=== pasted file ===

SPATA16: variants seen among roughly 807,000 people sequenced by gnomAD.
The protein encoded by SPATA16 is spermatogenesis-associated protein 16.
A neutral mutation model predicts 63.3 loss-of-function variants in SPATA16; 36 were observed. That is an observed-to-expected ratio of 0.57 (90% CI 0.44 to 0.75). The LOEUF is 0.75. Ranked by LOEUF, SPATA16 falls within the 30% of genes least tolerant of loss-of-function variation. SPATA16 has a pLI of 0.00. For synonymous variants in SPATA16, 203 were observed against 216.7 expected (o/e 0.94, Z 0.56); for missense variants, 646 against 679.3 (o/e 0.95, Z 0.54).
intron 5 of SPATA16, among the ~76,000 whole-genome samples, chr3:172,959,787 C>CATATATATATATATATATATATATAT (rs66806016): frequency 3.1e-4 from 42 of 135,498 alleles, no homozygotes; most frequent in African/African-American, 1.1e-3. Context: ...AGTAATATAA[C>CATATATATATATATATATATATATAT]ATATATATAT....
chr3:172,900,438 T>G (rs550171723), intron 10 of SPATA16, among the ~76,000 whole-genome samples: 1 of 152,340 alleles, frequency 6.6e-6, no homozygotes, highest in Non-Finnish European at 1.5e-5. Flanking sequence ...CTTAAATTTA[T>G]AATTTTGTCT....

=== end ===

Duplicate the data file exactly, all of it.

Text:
SPATA16: variants seen among roughly 807,000 people sequenced by gnomAD.
The protein encoded by SPATA16 is spermatogenesis-associated protein 16.
A neutral mutation model predicts 63.3 loss-of-function variants in SPATA16; 36 were observed. That is an observed-to-expected ratio of 0.57 (90% CI 0.44 to 0.75). The LOEUF is 0.75. Ranked by LOEUF, SPATA16 falls within the 30% of genes least tolerant of loss-of-function variation. SPATA16 has a pLI of 0.00. For synonymous variants in SPATA16, 203 were observed against 216.7 expected (o/e 0.94, Z 0.56); for missense variants, 646 against 679.3 (o/e 0.95, Z 0.54).
intron 5 of SPATA16, among the ~76,000 whole-genome samples, chr3:172,959,787 C>CATATATATATATATATATATATATAT (rs66806016): frequency 3.1e-4 from 42 of 135,498 alleles, no homozygotes; most frequent in African/African-American, 1.1e-3. Context: ...AGTAATATAA[C>CATATATATATATATATATATATATAT]ATATATATAT....
chr3:172,900,438 T>G (rs550171723), intron 10 of SPATA16, among the ~76,000 whole-genome samples: 1 of 152,340 alleles, frequency 6.6e-6, no homozygotes, highest in Non-Finnish European at 1.5e-5. Flanking sequence ...CTTAAATTTA[T>G]AATTTTGTCT....